While we await the Supreme Court decision regarding federal vs. state subsidies, Republicans can’t decide if they want the subsidies upheld or struck down. Indeed, some believe that upholding them will be best for Republicans (note, not best for America or Americans). Sharyl Attkisson reports:
It would theoretically be a victory for Republicans who oppose Obamacare: Americans would likely find the health care law less palatable if tax money isn’t helping pay for their mandatory policies. They would suddenly be exposed to the reality faced by those who aren’t getting subsidies: insurance may cost more, come with higher deductibles, and provide less coverage.
But some Congressional Republicans are more worried about winning the Supreme Court case than losing it.
“There are Republicans right now scared to death that we’re going to win,” says one Republican leader who did not want to be quoted by name. “They’re in meetings right now planning ways to revive the subsidies if the [Supreme] Court strikes them down.”
They are “scared to death” because they are worried the Democratic and media narratives would place the blame on Republicans for the loss of subsidies by those who’ve purchased ObamaCare through the federal exchanges. Attkisson explains:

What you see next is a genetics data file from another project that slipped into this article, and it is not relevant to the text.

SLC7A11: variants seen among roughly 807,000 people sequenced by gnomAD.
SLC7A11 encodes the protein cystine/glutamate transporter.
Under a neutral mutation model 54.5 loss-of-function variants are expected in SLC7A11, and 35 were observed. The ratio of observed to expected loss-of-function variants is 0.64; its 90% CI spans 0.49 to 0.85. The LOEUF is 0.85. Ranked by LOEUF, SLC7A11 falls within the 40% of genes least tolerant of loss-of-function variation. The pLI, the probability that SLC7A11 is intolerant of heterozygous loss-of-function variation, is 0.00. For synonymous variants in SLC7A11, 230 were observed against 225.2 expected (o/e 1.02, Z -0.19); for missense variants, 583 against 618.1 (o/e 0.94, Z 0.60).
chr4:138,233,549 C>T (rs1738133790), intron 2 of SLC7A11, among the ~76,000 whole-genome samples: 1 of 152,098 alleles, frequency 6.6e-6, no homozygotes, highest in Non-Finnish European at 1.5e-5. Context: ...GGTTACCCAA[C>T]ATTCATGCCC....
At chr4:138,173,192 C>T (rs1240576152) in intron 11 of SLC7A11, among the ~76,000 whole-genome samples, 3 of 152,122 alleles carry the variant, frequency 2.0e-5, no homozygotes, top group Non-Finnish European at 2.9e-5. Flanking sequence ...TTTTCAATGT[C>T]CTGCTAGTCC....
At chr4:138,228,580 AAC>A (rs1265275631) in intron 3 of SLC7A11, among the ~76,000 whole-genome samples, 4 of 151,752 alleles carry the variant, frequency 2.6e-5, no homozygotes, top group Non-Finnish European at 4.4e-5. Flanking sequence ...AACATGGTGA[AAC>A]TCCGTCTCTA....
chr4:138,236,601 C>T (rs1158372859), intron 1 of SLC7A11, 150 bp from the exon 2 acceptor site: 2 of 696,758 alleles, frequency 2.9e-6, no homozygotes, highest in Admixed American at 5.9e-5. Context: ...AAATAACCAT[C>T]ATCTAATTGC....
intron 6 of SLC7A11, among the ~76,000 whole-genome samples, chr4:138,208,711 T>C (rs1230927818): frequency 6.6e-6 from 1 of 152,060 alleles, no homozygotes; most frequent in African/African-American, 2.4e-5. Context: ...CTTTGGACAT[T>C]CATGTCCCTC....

According to a dozen Congressional Republicans who discussed the topic but did not wish to be named, they worry the public wouldn’t view a strike-down of the subsidies as a weakness in Obamacare, but would instead blame Republicans for taking money away from them.
These Republicans also worry that the news media will coalesce behind that view, making it difficult to overcome from a public relations standpoint.
Politico reports that 31 senators are backing a bill by Sen. Ron Johnson, R-Wisconsin, that would restore subsidies for the affected Obamacare customers through September 2017.
Large percentages of those polled say they would support a fix if the subsidies are found to be unlawful. Significant numbers of those polled don’t understand how the federal and state exchanges work.
I understand that optics matter, but it seems a bit much for Republicans to be the ones to save ObamaCare when not doing so would do no harm to America’s poorest who need health care—they’ve been covered by Medicaid since long before ObamaCare, after all.
As Attkisson notes, “the irony is that Republicans would, in effect, be providing a crucial fix to a law they’ve opposed since its inception. In other words, when Obamacare would be at greatest risk of crumbling, Republicans would be ensuring its survival.”
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